4 posted on 03/18/2014 9:59:57 PM PDT by Flash Bazbeaux
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To: jdege

Using Sheriffs? Not all, but many many banks not long have respecy for property rights or property laws.


5 posted on 03/18/2014 10:02:35 PM PDT by Kartographer ("We mutually pledge to each other our lives, our fortunes and our sacred honor.")
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To: Kartographer

Isn’t that [grand] larceny?
Wouldn’t the bank be very, very liable in court?


6 posted on 03/18/2014 10:03:56 PM PDT by OneWingedShark (Q: Why am I here? A: To do Justly, to love mercy, and to walk humbly with my God.)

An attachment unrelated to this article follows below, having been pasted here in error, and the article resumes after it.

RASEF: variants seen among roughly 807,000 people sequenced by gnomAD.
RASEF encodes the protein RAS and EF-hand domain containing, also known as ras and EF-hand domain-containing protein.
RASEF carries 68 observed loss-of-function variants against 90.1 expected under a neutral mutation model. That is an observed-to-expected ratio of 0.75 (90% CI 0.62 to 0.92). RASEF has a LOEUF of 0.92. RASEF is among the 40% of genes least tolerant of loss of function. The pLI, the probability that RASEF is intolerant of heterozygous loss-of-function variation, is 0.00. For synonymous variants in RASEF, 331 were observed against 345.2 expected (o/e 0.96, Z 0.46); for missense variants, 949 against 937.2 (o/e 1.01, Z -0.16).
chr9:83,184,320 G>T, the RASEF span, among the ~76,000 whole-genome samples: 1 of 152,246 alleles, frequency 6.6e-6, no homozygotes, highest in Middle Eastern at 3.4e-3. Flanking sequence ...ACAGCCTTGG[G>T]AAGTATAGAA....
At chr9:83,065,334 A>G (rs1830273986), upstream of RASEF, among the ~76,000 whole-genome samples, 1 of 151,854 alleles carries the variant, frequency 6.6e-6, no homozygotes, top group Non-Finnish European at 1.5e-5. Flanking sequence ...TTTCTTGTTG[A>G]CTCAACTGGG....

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To: OneWingedShark

You are kidding right? The people will be luck if they recover their cost.


7 posted on 03/18/2014 10:06:45 PM PDT by Kartographer ("We mutually pledge to each other our lives, our fortunes and our sacred honor.")
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To: OneWingedShark

Yea verily.


8 posted on 03/18/2014 10:07:05 PM PDT by Psalm 144 (My citizenship is not here.)
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To: Kartographer
You are kidding right? The people will be luck if they recover their cost.

No, not at all; this is entirely unacceptable and I would have a hard time believing a jury would fail to find for the home-owners, even less-so than the benefit of the doubt extended to police officers (which itself seems to be very, very close to evaporating).

9 posted on 03/18/2014 10:09:24 PM PDT by OneWingedShark (Q: Why am I here? A: To do Justly, to love mercy, and to walk humbly with my God.)
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To: OneWingedShark; blam